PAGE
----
Japan, S Korea leaders look to deepen ties, despite strains

The Independent
The Independent

The leaders of Japan and South Korea spoke by phone on Friday, saying they would look to deepen ties in the face of regional security threats, despite badly strained bilateral relations.

Although they share a key ally in the U.S. and common concerns over facing China, ties between Tokyo and Seoul have suffered over the legacy of Japan's World War II atrocities and disagreements over compensation for wartime Korean laborers during the Japanese occupation.

Japan's new prime minister, Fumio Kishida, only spoke with Korean President Moon Jae-in after he'd spoken with a number of other world leaders, underlining chilly relations between the erstwhile allies.

In the 35-minute phone conversation, Kishida told Moon that it is essential they deepen cooperation between the two countries as well as with the U.S. in the face of serious security threats in the region, the Japanese foreign ministry said in a statement. The two leaders restated their commitment to security cooperation.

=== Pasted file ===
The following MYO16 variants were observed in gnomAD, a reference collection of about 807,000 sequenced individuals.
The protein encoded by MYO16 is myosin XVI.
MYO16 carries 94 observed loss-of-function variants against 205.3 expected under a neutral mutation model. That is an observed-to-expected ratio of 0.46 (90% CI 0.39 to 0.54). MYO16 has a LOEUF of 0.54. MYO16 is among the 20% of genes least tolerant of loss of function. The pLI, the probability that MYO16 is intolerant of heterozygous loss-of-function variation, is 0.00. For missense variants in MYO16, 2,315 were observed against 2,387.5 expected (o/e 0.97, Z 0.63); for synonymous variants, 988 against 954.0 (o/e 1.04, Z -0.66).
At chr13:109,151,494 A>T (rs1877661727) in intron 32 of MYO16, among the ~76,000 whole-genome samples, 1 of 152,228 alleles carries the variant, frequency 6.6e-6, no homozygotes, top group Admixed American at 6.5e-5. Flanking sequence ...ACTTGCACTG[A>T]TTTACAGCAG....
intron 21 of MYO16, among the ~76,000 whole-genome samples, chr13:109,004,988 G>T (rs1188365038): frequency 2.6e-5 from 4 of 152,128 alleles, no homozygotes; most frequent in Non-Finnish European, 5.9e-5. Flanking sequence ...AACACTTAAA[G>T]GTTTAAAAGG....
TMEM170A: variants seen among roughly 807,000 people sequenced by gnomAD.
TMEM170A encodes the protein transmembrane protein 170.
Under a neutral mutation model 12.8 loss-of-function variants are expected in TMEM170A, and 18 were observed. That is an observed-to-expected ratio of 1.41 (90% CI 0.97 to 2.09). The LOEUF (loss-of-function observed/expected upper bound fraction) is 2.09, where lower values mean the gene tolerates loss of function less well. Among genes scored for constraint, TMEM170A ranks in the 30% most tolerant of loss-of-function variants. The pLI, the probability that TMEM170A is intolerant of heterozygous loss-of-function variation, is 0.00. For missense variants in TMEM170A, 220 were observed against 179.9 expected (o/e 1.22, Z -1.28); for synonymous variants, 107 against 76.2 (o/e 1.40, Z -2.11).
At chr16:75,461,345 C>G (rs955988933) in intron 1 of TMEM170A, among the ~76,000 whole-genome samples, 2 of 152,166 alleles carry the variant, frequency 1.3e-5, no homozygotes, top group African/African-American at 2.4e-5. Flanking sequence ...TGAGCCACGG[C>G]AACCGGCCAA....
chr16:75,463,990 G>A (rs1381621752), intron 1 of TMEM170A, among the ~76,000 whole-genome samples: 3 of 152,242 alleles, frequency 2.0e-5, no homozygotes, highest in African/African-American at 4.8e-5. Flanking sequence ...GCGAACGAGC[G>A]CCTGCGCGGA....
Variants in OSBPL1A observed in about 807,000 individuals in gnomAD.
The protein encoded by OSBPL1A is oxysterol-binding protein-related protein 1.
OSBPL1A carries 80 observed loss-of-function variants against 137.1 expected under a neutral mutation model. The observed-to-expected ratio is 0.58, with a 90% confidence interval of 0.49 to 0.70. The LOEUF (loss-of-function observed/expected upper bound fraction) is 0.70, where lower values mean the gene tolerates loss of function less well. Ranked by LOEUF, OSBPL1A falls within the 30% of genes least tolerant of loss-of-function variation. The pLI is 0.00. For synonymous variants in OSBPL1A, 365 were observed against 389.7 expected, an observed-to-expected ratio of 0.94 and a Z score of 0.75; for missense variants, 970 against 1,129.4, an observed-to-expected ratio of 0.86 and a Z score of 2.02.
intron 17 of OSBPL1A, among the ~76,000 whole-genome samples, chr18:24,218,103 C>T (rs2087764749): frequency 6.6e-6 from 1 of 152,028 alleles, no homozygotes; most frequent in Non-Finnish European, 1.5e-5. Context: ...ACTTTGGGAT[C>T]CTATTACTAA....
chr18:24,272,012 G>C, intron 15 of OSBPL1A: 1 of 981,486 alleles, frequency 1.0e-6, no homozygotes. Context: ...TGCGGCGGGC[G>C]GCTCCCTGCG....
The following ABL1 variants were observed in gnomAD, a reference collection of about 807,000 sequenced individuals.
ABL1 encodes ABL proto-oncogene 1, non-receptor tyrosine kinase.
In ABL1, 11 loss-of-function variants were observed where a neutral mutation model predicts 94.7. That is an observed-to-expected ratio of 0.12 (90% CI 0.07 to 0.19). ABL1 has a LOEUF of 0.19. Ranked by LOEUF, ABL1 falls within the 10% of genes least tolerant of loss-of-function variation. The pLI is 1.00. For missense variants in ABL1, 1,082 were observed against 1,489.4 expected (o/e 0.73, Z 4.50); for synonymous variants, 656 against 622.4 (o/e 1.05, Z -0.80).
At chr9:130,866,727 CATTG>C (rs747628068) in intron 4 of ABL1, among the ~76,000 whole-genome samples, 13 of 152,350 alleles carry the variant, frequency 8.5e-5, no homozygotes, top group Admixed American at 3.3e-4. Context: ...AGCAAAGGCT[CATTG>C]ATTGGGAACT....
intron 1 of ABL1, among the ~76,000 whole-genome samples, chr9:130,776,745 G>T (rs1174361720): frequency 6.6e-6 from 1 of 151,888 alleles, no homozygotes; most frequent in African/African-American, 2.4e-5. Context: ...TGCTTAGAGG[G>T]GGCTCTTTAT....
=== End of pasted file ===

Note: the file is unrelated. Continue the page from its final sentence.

In the past few years, relations between Tokyo and Seoul reached a low point following South Korean court rulings that ordered Japanese companies to pay reparations to Korean laborers over their abuses during World War II. The rulings have led to further tensions over trade. Another sticking point is Korean “comfort women” who were sexually abused by Japan’s wartime military occupation.

Japan insists all compensation issues were settled under a 1965 treaty normalizing relations with Seoul and say South Korean court orders to Japanese companies to pay compensation violate international law.

“Relations between Japan and South Korea continue to be in severe conditions," Kishida told reporters Friday.

Kishida called on South Korea to take “concrete, firm action” to improve communication and diplomacy between the two countries, adding he was waiting “for its move."

Japan and South Korea have been trying to improve ties since President Joe Biden took office calling for stronger three-way cooperation in the face of North Korean nuclear threats and challenges posed by China.

There has been little improvement. Kishida said there is no plan for an in-person summit between the two countries.

Kishida, since taking office on Oct. 4, has spoken with Biden, Australian Prime Minister Scott Morrison and Indian Prime Minister Narendra Modi — the so-called Quad nations, as well as Russia’s Vladimir Putin and Chinese President Xi Jinping, among others.

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